Date of Award

Spring 2020

Document Type

Dissertation

Degree Name

Doctor of Education (EdD)

Committee Chair

Stephen Laws

Abstract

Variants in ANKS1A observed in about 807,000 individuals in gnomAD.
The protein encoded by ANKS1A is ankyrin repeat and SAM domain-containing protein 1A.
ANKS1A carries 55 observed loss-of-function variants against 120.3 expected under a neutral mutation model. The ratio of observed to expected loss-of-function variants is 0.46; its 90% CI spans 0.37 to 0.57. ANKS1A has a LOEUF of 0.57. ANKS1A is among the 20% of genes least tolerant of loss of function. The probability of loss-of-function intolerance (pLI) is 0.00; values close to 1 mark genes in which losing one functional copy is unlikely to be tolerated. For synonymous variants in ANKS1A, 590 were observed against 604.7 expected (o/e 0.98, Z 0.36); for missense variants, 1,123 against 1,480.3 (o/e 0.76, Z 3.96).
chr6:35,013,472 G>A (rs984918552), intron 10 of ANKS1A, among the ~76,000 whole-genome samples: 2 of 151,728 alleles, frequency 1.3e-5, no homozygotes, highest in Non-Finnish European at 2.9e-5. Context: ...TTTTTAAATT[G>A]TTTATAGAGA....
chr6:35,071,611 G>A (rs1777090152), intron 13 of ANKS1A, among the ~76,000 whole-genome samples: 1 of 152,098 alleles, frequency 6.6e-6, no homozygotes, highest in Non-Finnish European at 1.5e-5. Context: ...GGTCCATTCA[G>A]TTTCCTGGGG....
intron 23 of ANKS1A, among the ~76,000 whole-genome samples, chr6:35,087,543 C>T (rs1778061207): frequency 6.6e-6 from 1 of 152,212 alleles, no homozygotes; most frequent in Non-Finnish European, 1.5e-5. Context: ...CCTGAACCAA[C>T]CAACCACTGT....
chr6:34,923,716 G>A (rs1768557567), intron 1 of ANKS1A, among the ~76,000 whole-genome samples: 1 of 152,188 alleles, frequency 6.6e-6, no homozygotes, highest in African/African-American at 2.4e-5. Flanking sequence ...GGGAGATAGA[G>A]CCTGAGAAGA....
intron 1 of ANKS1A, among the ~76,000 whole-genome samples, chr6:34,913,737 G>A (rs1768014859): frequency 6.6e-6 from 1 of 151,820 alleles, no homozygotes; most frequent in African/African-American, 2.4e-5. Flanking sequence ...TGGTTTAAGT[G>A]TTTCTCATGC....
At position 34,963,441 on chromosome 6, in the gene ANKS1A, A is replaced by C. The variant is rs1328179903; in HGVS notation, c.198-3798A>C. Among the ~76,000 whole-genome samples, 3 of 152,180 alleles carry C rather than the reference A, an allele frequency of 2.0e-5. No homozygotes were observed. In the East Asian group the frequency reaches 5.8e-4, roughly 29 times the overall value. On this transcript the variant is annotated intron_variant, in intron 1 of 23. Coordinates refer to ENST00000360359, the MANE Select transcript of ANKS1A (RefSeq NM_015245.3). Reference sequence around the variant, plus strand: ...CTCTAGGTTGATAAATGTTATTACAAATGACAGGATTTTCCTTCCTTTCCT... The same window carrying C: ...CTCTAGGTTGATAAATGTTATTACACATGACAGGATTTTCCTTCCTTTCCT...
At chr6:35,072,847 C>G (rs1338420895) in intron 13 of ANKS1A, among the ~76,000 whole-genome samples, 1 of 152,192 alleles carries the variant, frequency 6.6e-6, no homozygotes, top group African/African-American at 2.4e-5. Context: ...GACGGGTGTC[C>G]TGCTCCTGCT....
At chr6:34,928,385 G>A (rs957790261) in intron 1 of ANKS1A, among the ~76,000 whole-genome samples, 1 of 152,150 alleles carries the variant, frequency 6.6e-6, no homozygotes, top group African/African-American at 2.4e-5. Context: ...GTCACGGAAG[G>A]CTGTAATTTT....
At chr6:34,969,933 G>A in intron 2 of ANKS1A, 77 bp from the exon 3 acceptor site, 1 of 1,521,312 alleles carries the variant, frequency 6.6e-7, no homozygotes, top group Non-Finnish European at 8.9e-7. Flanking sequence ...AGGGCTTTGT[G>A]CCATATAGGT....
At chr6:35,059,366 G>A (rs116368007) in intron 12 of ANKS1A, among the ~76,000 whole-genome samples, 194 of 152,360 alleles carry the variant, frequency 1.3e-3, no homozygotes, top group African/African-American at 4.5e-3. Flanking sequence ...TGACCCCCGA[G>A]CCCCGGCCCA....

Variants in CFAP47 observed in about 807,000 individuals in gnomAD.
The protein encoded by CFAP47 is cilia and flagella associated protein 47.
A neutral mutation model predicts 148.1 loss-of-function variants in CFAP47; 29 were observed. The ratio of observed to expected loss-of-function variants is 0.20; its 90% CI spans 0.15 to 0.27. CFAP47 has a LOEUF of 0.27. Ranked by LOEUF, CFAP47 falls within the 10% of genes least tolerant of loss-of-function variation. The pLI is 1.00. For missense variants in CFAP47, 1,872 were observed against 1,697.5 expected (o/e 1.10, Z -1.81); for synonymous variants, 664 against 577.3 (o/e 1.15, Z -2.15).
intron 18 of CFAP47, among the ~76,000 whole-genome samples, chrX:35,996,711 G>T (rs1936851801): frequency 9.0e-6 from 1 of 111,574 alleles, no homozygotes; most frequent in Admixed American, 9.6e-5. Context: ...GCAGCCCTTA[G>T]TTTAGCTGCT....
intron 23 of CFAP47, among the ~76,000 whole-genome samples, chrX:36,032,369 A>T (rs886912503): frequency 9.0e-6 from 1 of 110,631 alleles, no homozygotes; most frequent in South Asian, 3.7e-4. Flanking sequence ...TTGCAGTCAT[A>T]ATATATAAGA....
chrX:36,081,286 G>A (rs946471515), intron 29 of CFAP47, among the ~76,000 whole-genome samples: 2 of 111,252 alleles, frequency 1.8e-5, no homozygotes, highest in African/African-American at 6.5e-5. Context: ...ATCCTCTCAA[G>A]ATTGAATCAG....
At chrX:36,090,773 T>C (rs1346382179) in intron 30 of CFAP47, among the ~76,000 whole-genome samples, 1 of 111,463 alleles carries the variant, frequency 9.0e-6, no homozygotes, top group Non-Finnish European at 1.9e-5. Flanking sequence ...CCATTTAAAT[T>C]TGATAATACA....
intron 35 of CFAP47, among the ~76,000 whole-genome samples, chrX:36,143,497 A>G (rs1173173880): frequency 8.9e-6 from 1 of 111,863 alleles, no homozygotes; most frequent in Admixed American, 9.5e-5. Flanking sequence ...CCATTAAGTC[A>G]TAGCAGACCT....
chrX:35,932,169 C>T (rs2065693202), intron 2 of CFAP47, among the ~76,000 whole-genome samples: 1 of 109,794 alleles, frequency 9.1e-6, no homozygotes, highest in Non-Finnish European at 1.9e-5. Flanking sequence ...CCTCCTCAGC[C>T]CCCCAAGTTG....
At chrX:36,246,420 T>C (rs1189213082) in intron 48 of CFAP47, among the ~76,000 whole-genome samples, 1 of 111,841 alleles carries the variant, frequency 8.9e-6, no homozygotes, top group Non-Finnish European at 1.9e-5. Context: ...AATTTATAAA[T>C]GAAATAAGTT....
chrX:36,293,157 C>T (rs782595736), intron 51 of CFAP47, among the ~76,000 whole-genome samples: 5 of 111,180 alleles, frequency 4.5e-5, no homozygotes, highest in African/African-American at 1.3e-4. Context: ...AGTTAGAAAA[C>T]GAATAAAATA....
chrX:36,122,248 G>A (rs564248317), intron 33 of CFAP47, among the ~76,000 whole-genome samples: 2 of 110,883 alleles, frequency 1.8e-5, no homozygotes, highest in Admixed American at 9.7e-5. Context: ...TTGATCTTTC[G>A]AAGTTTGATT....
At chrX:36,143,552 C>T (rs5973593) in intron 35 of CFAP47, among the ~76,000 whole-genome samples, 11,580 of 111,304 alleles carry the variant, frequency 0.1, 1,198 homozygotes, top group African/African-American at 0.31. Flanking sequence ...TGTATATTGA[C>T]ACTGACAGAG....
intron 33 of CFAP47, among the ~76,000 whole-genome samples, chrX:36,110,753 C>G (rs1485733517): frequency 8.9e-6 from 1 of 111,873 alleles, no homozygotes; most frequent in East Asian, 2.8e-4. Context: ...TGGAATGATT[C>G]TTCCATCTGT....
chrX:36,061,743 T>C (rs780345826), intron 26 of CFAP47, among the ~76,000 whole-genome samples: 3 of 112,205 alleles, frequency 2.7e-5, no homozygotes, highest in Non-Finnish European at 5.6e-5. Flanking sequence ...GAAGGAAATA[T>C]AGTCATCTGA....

Many people assume that educators’ children have an easy life in school, since many people at the school level and in the community traditionally hold educators in high esteem. Rarely does anyone explore the added pressure put on this selected class of students to perform for teachers, classmates, and the parent-educator, especially when all are in the same school. Perceptions of belonging have been determined to have important effects on adolescent development, influencing both social and academic outcomes (Baumeister & Leary, 1995; Walton & Cohen, 2007). Educators’ children are often uncomfortable with everyone knowing who their parent is. Students whose parents teach or coach them or whose parent is the principal are a source of curiosity for their classmates (Bielski, 2016). Discovering how students navigated around fitting in with peers and performing for their teachers, while having a parent as a teacher, principal, or coach was the focus of this study. The purpose of this qualitative research was to gauge the extent of pressures, the social and emotional impact, and the advantages and/or disadvantages individuals felt when they were a student having a parent in a position of authority at their school. The findings from the research study substantiated the literature, supporting the importance for all students, including this studied group, to experience a sense of belonging at school with both their peers and their teachers.

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